Through agroecology we will transform the hegemonic food production model; permitting the recovery of the agricultural ecosystem, reestablishing the functioning of the nature-society metabolism, and harvesting products to feed humanity. As the Philippine farmers say “Kabuhanan, Kalusugan, Kalikasan” (for economy, for health, and for Nature).
For us, as peasant farmers and family farmers, agroecology is also an instrument to confront transnational agribusiness and the predominant agri-export model. We won’t liberate farmers from the structure of oppression built up by the corporations unless we gain technological and economical autonomy from the current forms of agrarian and financial capital. Also, within the context of farm workers and other agricultural laborers as in the case of the U.S., if we do not recover this labor force that has been being enslaved by capital. Therefore, agroecology is an essential part of the construction of social justice in a new equal social system, not dominated by capital.
Agroecology is giving a new meaning to the struggle for agrarian reform to empower the people. The landless farmers who fought to reclaim back their land, and those who received land through land reform programs in Brazil and Zimbabwe, are implementing agroecology as a tool to defend and sustain their farming, not only for their families, but to provide healthier food for the community. Therefore, land reform, together with agroecology, has become the contribution of peasant and family farmers to give better and healthier food to our societies. In Argentina we stand behind this affirmation by saying “somos tierra para alimentar a los pueblos” (we are land, to feed the peoples).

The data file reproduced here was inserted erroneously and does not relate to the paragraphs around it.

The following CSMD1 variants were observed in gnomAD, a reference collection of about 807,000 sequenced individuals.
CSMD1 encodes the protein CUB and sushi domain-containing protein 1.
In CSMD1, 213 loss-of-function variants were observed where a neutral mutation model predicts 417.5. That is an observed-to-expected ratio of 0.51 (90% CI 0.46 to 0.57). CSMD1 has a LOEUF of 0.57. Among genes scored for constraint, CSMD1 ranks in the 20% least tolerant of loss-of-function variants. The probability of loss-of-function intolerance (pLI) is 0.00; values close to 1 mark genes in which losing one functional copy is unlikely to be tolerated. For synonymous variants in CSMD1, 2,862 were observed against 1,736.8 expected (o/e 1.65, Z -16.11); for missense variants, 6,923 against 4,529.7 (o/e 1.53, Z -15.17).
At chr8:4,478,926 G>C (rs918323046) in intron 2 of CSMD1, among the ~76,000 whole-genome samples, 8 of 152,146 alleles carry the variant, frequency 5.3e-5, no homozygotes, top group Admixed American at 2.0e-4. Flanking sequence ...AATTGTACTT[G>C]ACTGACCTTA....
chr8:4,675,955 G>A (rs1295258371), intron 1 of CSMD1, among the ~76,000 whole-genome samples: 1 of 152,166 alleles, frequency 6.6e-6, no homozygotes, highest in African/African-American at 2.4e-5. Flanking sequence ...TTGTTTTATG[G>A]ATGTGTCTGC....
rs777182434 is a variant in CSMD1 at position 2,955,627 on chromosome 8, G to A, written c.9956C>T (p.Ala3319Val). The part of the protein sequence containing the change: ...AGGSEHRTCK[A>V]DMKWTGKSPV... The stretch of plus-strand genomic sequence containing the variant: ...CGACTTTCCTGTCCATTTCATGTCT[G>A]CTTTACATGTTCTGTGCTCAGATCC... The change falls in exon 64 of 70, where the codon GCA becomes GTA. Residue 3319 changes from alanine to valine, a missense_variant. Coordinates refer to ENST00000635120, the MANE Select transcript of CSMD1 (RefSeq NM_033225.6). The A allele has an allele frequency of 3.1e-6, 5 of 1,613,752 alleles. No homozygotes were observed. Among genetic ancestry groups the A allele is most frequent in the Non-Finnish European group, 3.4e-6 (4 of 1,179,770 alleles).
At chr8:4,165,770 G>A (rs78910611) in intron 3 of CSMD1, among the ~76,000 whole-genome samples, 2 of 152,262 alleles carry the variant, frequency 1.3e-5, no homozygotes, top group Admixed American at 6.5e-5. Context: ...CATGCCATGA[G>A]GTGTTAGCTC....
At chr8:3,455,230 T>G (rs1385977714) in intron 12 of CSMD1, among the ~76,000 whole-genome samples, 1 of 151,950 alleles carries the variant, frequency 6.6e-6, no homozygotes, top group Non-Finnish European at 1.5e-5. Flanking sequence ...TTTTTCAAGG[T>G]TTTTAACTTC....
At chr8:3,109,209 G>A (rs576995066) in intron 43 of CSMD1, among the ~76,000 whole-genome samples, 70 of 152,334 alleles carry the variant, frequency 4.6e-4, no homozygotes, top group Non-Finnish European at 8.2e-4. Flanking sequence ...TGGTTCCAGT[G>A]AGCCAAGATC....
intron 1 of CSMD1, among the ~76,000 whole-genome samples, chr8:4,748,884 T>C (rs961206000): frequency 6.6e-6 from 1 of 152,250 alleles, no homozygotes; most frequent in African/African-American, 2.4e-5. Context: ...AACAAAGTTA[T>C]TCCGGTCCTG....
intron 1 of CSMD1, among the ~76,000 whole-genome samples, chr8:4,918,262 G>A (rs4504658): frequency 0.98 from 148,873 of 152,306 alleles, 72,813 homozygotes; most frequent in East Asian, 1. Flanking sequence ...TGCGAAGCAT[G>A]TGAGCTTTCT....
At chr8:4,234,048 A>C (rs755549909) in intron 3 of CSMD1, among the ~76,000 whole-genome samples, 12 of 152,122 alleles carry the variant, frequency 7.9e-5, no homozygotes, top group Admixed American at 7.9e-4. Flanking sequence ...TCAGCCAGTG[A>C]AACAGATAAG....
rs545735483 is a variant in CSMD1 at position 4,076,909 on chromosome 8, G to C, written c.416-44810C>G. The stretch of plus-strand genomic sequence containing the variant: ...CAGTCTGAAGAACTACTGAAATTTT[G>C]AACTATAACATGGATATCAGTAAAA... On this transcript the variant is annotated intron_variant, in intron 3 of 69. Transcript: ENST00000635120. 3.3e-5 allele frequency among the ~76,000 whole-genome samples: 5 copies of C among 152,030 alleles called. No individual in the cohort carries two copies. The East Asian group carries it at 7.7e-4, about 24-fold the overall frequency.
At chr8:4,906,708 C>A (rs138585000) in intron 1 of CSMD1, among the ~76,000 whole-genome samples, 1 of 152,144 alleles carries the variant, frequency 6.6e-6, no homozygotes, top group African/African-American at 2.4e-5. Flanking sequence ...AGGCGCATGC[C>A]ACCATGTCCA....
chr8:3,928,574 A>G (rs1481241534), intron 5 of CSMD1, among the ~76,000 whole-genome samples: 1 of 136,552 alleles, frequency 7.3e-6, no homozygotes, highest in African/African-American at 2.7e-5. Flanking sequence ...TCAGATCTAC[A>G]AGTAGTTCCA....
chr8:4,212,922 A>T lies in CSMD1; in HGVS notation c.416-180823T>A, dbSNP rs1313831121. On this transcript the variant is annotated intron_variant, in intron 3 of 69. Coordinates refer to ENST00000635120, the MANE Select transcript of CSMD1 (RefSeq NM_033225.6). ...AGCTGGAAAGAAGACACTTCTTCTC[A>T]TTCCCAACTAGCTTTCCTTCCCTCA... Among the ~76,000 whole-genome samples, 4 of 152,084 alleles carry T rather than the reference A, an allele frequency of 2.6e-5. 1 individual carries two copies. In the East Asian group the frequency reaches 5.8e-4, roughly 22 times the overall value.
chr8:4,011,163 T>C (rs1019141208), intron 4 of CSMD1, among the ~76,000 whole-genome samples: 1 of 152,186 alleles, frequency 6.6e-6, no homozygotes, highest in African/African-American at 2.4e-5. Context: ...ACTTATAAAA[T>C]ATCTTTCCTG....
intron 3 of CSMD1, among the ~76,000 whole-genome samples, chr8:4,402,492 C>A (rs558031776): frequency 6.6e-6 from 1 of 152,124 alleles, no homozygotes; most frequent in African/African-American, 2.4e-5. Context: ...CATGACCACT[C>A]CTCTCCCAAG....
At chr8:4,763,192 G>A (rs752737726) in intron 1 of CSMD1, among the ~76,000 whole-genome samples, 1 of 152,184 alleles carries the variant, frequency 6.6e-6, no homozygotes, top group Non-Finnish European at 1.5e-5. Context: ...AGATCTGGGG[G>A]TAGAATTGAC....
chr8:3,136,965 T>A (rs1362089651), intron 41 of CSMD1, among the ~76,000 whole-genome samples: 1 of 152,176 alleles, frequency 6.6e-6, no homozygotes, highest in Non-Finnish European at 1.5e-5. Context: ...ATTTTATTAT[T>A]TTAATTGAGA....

Our colleague farmers from India shared that there have been more than two hundred and seventy five thousand farmer suicides since 1995 because of the trap of debt due to industrial input dependence. Fortunately, the new agroecology movement method has permitted farmers to find a light of hope among that darkness, encouraging thousands of families to stay in their villages and keep on growing food with better livelihoods. This movement of Zero Budget Natural Farming has given life back to rural areas in India.